There are two methods of generating acetylene: (1) carbide-to-water, and (2) water-to-carbide. The carbide-to-water method is generally used in the United States, while the water-to-carbide method is favored to a large extent in Europe. A carbide-to-water generator operates on a “batch” basis, with a ratio of one gallon (8.3 lb) of water to one pound of carbide. This mixture is designed, in some generator models, to produce one cubic foot of acetylene per hour per pound of carbide hopper capacity. Some stationary generators are “double-rates’ for capacities of 2 ft3/hr per pound of carbide hopper capacity.

    There are two further classifications for acetylene generators: low pressure and medium pressure. The low-pressure generator carries out the calcium carbide-to-water reaction process at pressures below 7 kPa (1 psi). A medium-pressure generator produces acetylene at between 7 and 103 kPa (1 and 15 psi).

    Calcium carbide used for acetylene generation in the U. S. normally produces gas containing less than 0.4% impurities other than water vapor. Because of this favorable factor, there is no need for further purification of acetylene used for welding and cutting.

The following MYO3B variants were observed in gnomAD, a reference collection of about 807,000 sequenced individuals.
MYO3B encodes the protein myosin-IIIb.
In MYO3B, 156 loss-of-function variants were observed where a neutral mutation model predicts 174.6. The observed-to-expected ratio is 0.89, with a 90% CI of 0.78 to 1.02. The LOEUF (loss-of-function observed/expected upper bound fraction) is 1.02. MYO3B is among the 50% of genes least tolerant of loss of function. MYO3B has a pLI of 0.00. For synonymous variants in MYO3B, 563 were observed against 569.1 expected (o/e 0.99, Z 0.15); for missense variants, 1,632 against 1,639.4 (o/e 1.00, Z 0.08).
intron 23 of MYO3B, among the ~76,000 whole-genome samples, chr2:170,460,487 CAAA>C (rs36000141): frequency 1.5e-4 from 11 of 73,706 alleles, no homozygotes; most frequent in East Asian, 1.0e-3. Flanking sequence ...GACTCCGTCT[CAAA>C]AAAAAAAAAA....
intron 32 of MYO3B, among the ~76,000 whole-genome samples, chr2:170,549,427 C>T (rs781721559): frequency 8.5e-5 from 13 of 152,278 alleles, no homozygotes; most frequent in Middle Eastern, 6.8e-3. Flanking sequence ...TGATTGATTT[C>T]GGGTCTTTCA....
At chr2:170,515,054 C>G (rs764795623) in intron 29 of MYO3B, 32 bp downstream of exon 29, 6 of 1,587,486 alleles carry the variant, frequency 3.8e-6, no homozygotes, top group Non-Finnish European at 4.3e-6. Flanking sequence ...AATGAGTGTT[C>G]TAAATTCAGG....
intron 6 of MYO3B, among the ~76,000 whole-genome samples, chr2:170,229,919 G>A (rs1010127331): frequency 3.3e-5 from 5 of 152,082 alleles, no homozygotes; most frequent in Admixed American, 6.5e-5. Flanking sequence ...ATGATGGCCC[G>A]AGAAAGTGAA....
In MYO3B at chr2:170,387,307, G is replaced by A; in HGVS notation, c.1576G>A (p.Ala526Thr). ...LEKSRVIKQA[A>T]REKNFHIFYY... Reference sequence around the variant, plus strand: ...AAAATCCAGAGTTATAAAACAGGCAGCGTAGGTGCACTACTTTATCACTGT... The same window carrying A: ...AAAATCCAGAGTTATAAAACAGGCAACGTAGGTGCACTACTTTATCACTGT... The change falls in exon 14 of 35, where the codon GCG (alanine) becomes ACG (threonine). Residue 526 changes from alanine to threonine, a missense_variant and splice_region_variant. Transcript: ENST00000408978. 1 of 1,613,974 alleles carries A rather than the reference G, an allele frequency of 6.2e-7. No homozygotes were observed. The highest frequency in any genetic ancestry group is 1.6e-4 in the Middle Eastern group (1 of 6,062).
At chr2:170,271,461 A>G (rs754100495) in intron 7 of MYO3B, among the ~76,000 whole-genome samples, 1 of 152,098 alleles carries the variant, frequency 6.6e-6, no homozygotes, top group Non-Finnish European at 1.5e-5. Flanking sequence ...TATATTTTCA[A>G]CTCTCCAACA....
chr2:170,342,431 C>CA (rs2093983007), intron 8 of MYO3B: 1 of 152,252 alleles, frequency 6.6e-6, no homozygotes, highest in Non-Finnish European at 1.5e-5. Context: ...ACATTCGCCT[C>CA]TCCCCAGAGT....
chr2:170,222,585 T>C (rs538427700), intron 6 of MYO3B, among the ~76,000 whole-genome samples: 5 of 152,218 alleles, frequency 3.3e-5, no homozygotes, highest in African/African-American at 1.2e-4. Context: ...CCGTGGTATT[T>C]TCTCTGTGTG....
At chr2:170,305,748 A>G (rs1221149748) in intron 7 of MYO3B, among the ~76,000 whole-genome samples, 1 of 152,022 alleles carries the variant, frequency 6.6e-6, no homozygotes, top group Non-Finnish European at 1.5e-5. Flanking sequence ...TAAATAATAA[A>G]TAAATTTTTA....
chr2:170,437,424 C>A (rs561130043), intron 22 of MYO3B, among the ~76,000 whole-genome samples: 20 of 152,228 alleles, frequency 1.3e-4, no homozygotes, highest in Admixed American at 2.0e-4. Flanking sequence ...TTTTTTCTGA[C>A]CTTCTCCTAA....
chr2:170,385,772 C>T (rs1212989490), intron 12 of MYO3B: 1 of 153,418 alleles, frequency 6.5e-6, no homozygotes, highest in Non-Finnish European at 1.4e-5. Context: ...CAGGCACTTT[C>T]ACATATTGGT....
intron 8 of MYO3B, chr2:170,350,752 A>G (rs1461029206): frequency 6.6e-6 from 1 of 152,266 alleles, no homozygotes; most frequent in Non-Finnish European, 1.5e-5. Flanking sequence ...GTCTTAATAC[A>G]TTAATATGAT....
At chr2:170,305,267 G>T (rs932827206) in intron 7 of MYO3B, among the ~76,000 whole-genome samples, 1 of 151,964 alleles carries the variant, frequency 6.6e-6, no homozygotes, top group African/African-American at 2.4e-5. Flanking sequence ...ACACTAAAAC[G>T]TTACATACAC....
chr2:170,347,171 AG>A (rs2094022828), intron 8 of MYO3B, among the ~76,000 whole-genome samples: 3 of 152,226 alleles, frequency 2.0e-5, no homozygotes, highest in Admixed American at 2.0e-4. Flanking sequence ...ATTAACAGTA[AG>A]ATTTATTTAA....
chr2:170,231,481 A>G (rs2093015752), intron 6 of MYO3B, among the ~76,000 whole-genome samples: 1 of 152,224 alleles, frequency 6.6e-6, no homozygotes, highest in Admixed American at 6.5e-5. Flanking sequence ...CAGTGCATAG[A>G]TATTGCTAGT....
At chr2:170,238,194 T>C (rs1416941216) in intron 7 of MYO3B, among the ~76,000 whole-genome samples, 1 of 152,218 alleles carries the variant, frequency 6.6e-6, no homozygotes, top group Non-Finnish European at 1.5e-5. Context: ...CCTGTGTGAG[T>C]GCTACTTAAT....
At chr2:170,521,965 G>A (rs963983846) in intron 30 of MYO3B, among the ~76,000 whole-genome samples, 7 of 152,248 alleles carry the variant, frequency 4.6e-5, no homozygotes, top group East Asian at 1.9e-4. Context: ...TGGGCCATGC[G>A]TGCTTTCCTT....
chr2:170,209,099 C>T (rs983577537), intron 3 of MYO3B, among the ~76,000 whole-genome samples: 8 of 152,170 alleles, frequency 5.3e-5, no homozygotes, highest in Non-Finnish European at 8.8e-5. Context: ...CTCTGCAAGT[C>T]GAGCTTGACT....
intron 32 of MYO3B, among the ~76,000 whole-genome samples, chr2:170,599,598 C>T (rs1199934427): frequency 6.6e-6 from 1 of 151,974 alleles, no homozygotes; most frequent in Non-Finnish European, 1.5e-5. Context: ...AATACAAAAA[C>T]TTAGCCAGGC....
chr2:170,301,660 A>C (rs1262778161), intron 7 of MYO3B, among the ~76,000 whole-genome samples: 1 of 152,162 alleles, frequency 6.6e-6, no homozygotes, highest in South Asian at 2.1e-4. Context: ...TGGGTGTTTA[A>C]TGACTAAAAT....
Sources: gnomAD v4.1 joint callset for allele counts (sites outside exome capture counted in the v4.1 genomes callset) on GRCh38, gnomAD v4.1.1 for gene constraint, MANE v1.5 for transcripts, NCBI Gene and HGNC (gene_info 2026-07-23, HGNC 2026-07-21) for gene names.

The welding supply distributor receives and resells acetylene in its most common form: dissolved in acetone and compressed in cylinders. These rugged acetylene cylinders have nominal capacities of 0.28, 1.1, 2.8, 6.4, or 8.5 m3 (10, 40, 100, 225 or 300 cu ft) and hold the gas at a pressure of 1724 kPa (250 psi). 




    Because of the characteristics of acetylene gas, acetylene cylinders are constructed in an entirely different manner from those made to contain other gases.

    Historical Background

    Until 1904, no suitable acetylene container had been developed. The gas was used mainly for illumination and was generally piped directly from generators to the area to be served. In that year in Indiana, P.C. Avery displayed to two of his home state’s most famous promoters, James Allison and Carl Fisher, a portable cylinder containing acetylene gas designed to power auto headlights. Then engaged in auto sales, Allison and Fisher were immediately interested, and with Avery, set up a small factory in Indianapolis to fabricate this “tank.”

    The shop was known as Concentrated Acetylene Company, until Avery withdrew in 1906. The company then became the Rest-0-Lite Company, the forerunner of the Linde Division of Union Carbide Corporation.